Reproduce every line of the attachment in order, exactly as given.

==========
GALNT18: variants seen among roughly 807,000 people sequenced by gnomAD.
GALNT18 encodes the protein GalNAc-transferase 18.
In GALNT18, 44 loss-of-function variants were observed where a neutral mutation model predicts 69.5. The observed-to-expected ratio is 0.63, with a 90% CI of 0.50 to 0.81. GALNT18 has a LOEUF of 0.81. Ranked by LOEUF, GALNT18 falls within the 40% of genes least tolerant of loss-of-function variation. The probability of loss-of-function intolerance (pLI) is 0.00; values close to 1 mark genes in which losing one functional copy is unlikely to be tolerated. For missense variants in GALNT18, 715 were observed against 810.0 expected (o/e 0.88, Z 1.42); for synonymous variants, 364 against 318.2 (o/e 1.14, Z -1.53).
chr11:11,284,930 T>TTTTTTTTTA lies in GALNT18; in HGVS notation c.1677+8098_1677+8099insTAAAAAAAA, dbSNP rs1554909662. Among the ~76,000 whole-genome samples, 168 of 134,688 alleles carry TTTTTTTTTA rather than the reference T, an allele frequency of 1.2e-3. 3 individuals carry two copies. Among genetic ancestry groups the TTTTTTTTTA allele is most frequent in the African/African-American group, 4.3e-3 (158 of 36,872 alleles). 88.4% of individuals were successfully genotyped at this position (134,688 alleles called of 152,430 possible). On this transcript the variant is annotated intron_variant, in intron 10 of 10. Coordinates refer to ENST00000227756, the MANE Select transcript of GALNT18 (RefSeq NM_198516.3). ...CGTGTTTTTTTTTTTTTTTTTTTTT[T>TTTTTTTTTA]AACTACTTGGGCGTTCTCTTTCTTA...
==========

GALNT18: variants seen among roughly 807,000 people sequenced by gnomAD.
GALNT18 encodes the protein GalNAc-transferase 18.
In GALNT18, 44 loss-of-function variants were observed where a neutral mutation model predicts 69.5. The observed-to-expected ratio is 0.63, with a 90% CI of 0.50 to 0.81. GALNT18 has a LOEUF of 0.81. Ranked by LOEUF, GALNT18 falls within the 40% of genes least tolerant of loss-of-function variation. The probability of loss-of-function intolerance (pLI) is 0.00; values close to 1 mark genes in which losing one functional copy is unlikely to be tolerated. For missense variants in GALNT18, 715 were observed against 810.0 expected (o/e 0.88, Z 1.42); for synonymous variants, 364 against 318.2 (o/e 1.14, Z -1.53).
chr11:11,284,930 T>TTTTTTTTTA lies in GALNT18; in HGVS notation c.1677+8098_1677+8099insTAAAAAAAA, dbSNP rs1554909662. Among the ~76,000 whole-genome samples, 168 of 134,688 alleles carry TTTTTTTTTA rather than the reference T, an allele frequency of 1.2e-3. 3 individuals carry two copies. Among genetic ancestry groups the TTTTTTTTTA allele is most frequent in the African/African-American group, 4.3e-3 (158 of 36,872 alleles). 88.4% of individuals were successfully genotyped at this position (134,688 alleles called of 152,430 possible). On this transcript the variant is annotated intron_variant, in intron 10 of 10. Coordinates refer to ENST00000227756, the MANE Select transcript of GALNT18 (RefSeq NM_198516.3). ...CGTGTTTTTTTTTTTTTTTTTTTTT[T>TTTTTTTTTA]AACTACTTGGGCGTTCTCTTTCTTA...